The summary says the investigator found the allegations were unsubstantiated. For the most part, Iwanicka was “direct, clear and professional,” though it was “inappropriate and disrespectful” to tell Goldhawk and Kaufman they were being cut by phone, it says.

“It’s definitely not right,” says Kaufman. “If they had been there for everything we went through, she definitely wouldn’t still be coaching.”

The school says it can’t comment on personnel matters and Iwanicka, who is still head coach of the women’s team, didn’t respond to calls and emails requesting comment.

Margery Holman, a retired kinesiology professor who helped the University of Windsor players file their complaints, says post-secondary institutions lack courage.

“Often it’s a ‘he said, she said’ and we lean in the direction of the person in power because they have more at stake,” she says. “We’re not going to fire a coach, no matter the preponderance of evidence, if we can’t prove it.”

She adds coaches have unique power over athletes’ futures, determining whether a player is a starter or a bench warmer and influencing scholarships and other opportunities.

At the University of Lethbridge, an investigator found in July 2018 that women’s hockey coach Michelle Janus had violated its harassment policy. The school required her to undergo counselling and additional training and it also started developing a coaches’ code of conduct.

But the six players who had filed complaints had called for Janus to be fired or suspended. In August 2018, four of the complainants launched a lawsuit against the university, Janus and athletics director Ken McInnes seeking more than $1 million in damages.

The lawsuit alleges Janus bullied players, insulted them as “pathetic” and “useless” while using expletives, threw water bottles, broke equipment, punched doors and participated in a “fine jar” that charged fees to players for their sexual history or personal lives.

It also accuses Janus and McInnes of requiring players to vote on whether to allow a teammate who had attempted suicide to return to the team.

None of the allegations have been proven in court. The university, Janus and McInnes deny all the allegations in a joint statement of defence and say the lawsuit should be struck as it is “scandalous, frivolous and vexatious.”

Janus left her position at the university in January.

Complainants Alannah Jensen, Brittney Sawyer and Chelsea Kasprick all say they’re still suffering psychological and emotional impacts. Kasprick alleges Janus forced her to play five weeks after shoulder surgery, potentially causing permanent damage.

“I put so much on the line for this coach who had all the power and control and abused me and secluded me and isolated me from all my teammates,” Kasprick says.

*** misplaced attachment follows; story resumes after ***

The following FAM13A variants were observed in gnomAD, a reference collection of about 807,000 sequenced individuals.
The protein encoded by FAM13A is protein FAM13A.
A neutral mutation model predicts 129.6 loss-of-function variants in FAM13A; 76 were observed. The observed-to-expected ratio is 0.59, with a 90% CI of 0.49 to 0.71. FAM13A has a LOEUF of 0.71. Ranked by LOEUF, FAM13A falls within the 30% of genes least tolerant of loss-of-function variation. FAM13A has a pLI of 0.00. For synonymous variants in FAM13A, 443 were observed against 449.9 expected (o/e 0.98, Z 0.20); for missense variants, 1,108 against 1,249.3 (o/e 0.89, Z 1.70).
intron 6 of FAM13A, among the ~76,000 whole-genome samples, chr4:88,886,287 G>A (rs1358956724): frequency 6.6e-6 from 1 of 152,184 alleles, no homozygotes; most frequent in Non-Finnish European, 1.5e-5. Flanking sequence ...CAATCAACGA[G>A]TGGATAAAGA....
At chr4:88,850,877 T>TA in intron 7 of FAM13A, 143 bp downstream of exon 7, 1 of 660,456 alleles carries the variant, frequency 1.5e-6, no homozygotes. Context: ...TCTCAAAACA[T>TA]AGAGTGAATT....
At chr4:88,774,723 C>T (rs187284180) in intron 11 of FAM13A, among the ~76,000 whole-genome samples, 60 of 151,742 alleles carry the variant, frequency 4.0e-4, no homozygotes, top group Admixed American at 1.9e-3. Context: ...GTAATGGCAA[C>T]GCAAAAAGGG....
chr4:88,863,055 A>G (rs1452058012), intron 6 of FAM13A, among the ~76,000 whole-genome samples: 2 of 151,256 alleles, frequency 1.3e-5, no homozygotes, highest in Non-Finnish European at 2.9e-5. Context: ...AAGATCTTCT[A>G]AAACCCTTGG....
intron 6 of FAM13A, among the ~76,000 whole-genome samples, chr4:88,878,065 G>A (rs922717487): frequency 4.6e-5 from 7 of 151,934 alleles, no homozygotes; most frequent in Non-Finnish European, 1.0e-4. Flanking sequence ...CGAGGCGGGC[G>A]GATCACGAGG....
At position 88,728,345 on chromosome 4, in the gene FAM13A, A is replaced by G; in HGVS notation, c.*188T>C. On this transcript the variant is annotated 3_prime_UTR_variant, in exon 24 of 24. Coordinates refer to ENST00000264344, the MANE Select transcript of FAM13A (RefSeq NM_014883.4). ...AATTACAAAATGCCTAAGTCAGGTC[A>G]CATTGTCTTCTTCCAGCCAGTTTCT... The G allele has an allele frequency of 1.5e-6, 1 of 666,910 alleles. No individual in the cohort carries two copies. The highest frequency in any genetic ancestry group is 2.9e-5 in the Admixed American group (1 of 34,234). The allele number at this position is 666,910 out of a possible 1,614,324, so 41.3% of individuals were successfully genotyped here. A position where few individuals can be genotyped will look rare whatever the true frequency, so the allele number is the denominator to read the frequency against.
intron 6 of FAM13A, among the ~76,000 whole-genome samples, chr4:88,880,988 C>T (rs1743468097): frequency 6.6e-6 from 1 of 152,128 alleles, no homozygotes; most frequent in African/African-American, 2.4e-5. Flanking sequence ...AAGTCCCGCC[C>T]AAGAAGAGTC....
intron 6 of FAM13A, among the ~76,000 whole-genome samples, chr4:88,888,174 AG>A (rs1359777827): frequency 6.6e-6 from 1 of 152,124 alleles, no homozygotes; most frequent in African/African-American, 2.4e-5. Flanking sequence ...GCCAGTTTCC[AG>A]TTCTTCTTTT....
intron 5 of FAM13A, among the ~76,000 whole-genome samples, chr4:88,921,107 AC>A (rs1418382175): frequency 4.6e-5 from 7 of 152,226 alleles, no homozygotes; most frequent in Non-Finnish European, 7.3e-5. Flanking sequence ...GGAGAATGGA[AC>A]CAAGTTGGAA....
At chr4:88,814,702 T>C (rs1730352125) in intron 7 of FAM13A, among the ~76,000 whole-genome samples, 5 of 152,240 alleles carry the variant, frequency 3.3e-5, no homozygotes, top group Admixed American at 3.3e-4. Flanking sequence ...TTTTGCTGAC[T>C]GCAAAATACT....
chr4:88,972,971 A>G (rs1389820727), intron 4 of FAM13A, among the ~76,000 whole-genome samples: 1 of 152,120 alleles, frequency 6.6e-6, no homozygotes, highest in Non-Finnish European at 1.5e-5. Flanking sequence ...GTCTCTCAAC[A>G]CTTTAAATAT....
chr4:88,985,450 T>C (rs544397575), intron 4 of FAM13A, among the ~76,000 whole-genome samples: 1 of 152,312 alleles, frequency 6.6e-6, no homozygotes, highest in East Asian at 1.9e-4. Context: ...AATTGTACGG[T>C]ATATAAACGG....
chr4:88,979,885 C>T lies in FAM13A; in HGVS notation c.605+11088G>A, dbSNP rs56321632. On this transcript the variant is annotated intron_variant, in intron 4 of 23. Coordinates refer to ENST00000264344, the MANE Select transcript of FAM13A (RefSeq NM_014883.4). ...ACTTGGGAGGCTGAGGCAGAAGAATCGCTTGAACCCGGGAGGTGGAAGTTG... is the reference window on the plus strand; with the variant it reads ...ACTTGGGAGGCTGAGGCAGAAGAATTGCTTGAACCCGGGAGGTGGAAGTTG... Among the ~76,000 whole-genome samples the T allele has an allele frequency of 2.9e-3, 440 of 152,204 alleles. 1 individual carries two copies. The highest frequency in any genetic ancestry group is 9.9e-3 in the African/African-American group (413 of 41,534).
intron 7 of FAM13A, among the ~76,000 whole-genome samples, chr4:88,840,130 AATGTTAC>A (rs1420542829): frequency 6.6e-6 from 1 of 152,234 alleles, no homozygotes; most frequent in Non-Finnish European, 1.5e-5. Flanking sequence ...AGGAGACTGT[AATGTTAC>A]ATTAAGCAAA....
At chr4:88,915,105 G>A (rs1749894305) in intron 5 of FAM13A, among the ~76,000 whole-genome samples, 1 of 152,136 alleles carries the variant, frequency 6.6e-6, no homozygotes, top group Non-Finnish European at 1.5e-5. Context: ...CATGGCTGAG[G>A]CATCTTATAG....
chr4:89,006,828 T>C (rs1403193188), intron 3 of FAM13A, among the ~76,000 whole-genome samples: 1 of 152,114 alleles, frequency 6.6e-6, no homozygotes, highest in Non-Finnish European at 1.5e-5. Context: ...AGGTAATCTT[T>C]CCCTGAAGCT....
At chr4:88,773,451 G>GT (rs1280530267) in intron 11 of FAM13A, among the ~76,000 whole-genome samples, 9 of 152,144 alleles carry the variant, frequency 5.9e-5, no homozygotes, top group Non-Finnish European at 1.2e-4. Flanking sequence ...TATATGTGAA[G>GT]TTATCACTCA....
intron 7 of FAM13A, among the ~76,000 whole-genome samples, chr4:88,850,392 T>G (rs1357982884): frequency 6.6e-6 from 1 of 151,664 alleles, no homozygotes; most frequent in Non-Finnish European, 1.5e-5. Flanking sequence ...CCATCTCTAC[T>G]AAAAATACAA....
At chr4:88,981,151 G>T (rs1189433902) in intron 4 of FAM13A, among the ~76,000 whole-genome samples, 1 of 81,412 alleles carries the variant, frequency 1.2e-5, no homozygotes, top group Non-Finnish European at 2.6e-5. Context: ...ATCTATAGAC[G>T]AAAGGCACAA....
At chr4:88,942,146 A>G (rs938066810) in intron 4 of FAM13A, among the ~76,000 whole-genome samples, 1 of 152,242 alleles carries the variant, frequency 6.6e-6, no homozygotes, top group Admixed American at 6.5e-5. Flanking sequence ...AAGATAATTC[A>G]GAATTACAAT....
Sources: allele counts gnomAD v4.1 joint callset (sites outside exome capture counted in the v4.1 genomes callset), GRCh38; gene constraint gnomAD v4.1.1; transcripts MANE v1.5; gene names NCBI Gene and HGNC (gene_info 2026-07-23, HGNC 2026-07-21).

Janus, the university and a lawyer representing the defendants declined comment as the matter is before the court. McInnes did not reply to a request for comment.

Last week, the University of Victoria wrapped an appeal process after three athletes and an assistant coach filed complaints accusing women’s rowing coach Barney Williams of verbal abuse and harassment.

The three rowers say the university threatened them with disciplinary action if they speak about the results of the investigation.

Lily Copeland is one of the complainants and has alleged Williams criticized her weight and appearance and yelled at her in a small, locked room.

Williams has said respects the confidentiality of the university probe and couldn’t provide a detailed response until it wrapped up. He didn’t respond to requests for comment after the investigation concluded.

He says he regards coaching as a privilege, and he encourages athletes to become their best version of themselves. Other athletes on the team credit Williams with their success.

The university has said privacy legislation and its own confidentiality policies apply to all investigations.

Jennifer Walinga, a Royal Roads University professor and Commonwealth Games gold medallist in rowing, says her research has shown that humiliating or neglecting athletes typically leads to worse performances.

“You can still win and be broken,” she notes. “But you can achieve greater heights, win more gold medals and for longer periods of time with a values-based approach to coaching.”

That approach includes supporting athletes’ mental health as well as their physical health, Walinga explains.

But she says the coaching style that is similar to combat training, involving hurling insults and swearing at athletes, still exists because our society tends to glorify people who can endure abuse.

“In society, it’s a naivete or an ignorance about what sport actually involves,” she says. “Sport is not war. It’s not a battle at all.”

There is a growing campaign to rid Canadian sports of abuse and harassment.

More than 700 national-team athletes responded to a survey by the group AthletesCan about mistreatment. Seventeen per cent reported psychological injuries, 15 per cent experienced neglect and four per cent suffered sexual harm.

The federal government has brought in a series of initiatives, including establishing new policy for national sports organizations, funding the Sport Dispute Resolution Centre to create an investigation unit and setting up a toll-free confidential tip line.

It’s crucial to encourage young people to remain enrolled in sports, says Carolyn Trono, a director with the non-profit group Sport for Life Society.

“If the place that you are going to voluntarily isn’t positive, why would you stay?”

This report by The Canadian Press was first published Nov. 24, 2019.